This once and done philosophy applies to the game’s Krushing Blow system too. Certain attacks, like the uppercut, if hitting an attacking opponent, will cause a Krushing Blow. This attack does more damage than possible and always leaves the enemy in the air ripe for a juggle. The trade off is that each attack capable of landing this type of blow can also only do it once per fight, making it another “resource” at disposal during play.
My enthusiasm for the game is somewhat curbed after a fair amount of time in the Krypt. Resources vanish into the ether as you progress, each chest asking for a fair sum of your earnings. In the beginning this is fine, as the story mode and unlocking new parts of the Krypt all lavish you with a tidy purse to go spending. When you run out and want to go get more, that is when you realise some of the issues at the centre of this. Mortal Kombat 11 is home to four completely different currencies: Koins, Souls, Hearts and Time Shards. There happens to be a pretty prominent Store button that currently has nothing in the Store tab, but the Premium tab shows all sorts of rotating purchases for a hefty sum of Time Krystals. I can only imagine that purchasing Time Krystals, Koins, Hearts and Soul Fragments will be appearing really soon in the game and it feels… a lot like playing a mobile free-to-play game.
Getting Koins is probably the easiest of these currencies. The story, each Tutorial and most Towers award you with Koin, as does participating in fights and getting high-damage kombos. You can earn roughly 350 Koins a match, with chests requiring anything from 1,000 to over 15,000 to open. There are hundreds of chests, with an option to spend Koins to refill chests with loot.
Souls and Hearts are a bit harder to earn. You gain 10 souls per match, unless you get them as a Tower objective or reward, this is going to be a long farm. Each Soul Prison costs 100 to open, and there is one big portal that costs 2,000. So 200 matches to open one section of the map? Hearts are 1 per fatality, or 2 per brutality. The chests that use these require 100 or 250 Hearts per chest and there are so many of them that I can only imagine the grind for this without spending any extra money on time savers to measure into the tens of thousands of matches. The game hints at augments and konsumables to boost your earnings, but the augments I have seen give 3% more Hearts in a fight. 3% more of 1 Heart?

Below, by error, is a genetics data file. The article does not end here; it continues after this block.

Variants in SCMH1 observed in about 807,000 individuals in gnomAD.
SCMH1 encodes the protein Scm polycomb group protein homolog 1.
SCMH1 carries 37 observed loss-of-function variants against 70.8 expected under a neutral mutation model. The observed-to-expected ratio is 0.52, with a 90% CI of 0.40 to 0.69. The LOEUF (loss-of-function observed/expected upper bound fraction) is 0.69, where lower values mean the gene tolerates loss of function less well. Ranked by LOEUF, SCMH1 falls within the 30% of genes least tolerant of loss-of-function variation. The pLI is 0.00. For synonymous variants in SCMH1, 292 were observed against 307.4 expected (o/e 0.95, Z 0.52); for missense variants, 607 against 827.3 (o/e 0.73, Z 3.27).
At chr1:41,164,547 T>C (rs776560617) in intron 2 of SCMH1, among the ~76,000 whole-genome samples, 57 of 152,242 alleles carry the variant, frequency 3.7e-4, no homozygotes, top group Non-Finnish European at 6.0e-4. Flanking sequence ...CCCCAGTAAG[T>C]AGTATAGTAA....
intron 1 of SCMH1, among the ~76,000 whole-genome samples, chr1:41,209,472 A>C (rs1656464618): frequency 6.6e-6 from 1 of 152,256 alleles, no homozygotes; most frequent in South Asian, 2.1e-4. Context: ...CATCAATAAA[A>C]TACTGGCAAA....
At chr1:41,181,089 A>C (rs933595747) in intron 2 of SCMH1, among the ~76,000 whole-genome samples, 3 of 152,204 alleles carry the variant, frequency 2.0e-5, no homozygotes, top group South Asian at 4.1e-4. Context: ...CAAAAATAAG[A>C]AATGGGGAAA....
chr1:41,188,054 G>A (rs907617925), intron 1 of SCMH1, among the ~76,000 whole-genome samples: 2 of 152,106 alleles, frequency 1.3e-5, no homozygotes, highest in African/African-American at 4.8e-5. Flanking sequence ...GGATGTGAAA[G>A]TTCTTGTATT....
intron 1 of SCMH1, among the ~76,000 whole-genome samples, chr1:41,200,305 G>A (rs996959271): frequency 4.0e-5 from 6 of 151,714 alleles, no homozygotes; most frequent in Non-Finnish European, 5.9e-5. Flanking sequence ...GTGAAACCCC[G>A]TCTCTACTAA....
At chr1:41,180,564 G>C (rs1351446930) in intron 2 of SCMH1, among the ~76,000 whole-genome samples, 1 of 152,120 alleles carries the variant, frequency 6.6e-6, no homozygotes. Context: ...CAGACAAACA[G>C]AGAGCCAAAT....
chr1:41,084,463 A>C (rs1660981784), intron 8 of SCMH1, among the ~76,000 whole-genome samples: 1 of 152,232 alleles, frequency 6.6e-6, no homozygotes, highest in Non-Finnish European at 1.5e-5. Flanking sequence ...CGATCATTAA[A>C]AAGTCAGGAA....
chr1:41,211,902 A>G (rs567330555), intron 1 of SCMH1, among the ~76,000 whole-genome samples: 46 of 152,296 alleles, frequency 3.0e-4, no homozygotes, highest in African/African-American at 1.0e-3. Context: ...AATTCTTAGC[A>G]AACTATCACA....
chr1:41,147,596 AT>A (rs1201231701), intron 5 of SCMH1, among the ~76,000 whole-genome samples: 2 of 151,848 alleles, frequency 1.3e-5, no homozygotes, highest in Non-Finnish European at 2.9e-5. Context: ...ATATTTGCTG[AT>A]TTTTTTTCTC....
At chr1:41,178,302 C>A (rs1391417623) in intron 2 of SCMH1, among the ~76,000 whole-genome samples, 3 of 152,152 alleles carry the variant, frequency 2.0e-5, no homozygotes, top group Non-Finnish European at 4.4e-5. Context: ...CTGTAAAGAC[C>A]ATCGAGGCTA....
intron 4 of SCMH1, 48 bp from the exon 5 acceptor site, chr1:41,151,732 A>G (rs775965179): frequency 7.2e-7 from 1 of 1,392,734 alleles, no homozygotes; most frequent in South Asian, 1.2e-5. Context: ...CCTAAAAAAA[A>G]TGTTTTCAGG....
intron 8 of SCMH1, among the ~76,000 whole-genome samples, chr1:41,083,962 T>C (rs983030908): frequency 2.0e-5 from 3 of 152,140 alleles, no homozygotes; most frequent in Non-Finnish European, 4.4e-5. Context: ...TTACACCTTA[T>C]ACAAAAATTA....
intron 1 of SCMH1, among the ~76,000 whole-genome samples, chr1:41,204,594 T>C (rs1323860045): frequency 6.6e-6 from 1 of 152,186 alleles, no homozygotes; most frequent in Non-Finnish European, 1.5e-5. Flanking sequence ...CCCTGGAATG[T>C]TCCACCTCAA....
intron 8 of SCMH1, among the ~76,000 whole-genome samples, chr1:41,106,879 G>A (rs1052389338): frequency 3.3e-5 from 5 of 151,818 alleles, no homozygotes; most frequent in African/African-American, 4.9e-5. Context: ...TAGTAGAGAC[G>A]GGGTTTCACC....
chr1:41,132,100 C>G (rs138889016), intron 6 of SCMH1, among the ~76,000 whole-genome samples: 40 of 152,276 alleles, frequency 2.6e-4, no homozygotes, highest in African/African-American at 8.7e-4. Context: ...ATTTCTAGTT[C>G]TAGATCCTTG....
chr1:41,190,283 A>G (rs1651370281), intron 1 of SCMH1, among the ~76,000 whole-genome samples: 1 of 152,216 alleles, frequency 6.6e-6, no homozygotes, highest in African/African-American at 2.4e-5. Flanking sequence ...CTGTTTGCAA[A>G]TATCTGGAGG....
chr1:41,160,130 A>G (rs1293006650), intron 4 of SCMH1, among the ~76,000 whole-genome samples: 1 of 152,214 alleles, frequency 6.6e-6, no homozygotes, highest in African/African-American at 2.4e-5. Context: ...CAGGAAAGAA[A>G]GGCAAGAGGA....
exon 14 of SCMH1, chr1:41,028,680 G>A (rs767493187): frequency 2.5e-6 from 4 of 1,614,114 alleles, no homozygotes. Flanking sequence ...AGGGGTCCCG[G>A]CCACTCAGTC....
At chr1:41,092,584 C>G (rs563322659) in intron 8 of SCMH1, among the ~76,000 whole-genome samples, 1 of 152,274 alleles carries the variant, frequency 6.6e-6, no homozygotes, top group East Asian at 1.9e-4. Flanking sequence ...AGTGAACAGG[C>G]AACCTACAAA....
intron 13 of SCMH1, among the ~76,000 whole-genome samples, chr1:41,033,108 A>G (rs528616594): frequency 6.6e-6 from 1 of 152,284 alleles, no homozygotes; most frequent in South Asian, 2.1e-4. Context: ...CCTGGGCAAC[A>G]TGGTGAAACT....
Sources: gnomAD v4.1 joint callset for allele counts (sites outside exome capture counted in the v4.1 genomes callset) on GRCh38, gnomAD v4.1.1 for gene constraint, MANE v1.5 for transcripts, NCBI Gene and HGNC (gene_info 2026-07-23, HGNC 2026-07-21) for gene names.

As much as I enjoyed the initial arrival in the Krypt, talking to Shang Tsung and discovering puzzles and items to unlock new areas and the like, the joy of exploring Tsung’s island wears off when you realise the sheer grind it will require, all seemingly to encourage currency purchases. This is exacerbated by several key items coming from outside of the Krypt, meaning exploring the Krypt isn’t going necessarily going to help you progress further or unlock a new pathway. Eventually, you are just loading in to see how many chests you can open in a small room before you run out of Koins, before loading out and looking if anything is worth grinding.